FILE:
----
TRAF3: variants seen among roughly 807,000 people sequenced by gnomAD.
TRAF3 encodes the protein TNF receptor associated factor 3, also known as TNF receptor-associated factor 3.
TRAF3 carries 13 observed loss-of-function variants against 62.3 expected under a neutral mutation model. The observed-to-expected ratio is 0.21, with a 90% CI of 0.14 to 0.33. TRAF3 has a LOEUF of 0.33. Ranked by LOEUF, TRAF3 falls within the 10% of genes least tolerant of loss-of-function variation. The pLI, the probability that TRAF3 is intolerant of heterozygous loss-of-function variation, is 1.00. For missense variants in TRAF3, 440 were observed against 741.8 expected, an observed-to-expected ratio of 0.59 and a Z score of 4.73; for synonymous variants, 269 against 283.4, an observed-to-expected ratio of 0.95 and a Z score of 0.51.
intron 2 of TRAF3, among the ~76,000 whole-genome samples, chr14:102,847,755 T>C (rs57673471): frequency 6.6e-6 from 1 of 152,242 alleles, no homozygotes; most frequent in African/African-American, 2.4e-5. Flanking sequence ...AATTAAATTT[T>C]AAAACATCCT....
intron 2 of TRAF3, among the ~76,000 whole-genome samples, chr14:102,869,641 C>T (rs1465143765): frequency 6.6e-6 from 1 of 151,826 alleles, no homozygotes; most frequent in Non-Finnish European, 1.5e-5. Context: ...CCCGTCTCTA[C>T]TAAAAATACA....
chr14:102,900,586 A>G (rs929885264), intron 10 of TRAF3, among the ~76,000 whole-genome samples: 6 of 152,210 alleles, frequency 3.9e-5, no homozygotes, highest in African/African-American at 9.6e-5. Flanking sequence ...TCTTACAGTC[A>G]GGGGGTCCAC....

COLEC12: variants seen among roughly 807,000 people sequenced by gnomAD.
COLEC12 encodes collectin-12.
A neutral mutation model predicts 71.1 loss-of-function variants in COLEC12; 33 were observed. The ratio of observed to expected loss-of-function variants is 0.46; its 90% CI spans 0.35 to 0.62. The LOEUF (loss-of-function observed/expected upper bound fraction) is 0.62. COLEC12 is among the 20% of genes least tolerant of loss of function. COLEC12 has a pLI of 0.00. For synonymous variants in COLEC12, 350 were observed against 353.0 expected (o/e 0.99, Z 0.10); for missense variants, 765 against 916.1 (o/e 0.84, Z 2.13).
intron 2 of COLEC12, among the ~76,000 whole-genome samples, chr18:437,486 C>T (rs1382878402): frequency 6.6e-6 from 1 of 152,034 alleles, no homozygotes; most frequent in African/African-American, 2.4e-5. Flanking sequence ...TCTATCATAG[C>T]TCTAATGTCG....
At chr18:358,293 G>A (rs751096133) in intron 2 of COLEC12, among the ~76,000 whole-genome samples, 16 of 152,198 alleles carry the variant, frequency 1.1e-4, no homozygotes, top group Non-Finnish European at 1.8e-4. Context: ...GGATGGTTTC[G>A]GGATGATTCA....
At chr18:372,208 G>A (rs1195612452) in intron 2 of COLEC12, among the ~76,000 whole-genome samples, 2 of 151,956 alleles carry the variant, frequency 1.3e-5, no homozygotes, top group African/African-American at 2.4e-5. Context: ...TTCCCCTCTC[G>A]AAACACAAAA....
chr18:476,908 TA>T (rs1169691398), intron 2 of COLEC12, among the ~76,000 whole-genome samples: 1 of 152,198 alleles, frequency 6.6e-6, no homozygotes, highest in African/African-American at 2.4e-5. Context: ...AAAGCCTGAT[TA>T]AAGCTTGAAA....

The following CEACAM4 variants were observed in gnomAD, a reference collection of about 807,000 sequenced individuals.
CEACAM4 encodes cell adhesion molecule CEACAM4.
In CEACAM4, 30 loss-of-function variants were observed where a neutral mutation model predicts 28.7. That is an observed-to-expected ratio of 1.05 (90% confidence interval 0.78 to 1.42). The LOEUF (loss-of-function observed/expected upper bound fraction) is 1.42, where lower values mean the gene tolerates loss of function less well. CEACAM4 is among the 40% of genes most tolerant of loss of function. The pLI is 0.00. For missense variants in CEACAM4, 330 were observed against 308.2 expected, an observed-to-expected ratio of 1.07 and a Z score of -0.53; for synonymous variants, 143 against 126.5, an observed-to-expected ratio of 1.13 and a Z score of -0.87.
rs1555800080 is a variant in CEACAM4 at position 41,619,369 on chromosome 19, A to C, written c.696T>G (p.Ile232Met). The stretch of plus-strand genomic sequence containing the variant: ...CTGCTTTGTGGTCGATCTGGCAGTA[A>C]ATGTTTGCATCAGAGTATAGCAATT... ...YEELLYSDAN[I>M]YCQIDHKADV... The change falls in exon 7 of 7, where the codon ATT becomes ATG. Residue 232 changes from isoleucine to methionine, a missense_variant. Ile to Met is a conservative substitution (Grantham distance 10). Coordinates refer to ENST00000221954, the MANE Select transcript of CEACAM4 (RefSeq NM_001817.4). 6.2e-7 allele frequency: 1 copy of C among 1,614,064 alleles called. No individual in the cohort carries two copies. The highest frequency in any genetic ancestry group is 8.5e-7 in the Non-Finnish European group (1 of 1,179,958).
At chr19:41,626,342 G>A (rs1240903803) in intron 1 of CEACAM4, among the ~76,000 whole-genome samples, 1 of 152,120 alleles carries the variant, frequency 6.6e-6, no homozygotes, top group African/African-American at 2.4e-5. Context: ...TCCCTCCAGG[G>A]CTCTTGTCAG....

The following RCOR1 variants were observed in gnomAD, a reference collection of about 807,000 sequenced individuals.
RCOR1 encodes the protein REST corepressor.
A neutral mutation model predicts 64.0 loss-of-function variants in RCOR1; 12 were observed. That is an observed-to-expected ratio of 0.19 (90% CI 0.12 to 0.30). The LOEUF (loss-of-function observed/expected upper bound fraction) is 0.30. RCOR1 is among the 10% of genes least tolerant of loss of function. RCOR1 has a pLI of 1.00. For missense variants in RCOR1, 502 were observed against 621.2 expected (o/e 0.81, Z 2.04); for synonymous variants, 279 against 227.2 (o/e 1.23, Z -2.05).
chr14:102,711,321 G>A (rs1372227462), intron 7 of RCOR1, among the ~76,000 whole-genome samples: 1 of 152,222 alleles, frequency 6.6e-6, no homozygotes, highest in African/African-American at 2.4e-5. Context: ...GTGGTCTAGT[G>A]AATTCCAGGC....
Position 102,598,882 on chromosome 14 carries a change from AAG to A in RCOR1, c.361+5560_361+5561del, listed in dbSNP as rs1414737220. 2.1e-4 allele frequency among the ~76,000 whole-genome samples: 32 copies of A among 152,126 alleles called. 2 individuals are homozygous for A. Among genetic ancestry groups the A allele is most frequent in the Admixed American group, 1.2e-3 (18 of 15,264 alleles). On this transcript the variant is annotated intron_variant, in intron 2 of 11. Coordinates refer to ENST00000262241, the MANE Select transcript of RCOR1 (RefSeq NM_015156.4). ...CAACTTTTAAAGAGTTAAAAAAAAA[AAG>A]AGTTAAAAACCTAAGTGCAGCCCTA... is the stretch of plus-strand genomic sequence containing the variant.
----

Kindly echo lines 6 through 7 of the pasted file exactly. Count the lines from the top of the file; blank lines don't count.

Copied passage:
chr14:102,900,586 A>G (rs929885264), intron 10 of TRAF3, among the ~76,000 whole-genome samples: 6 of 152,210 alleles, frequency 3.9e-5, no homozygotes, highest in African/African-American at 9.6e-5. Flanking sequence ...TCTTACAGTC[A>G]GGGGGTCCAC....

COLEC12: variants seen among roughly 807,000 people sequenced by gnomAD.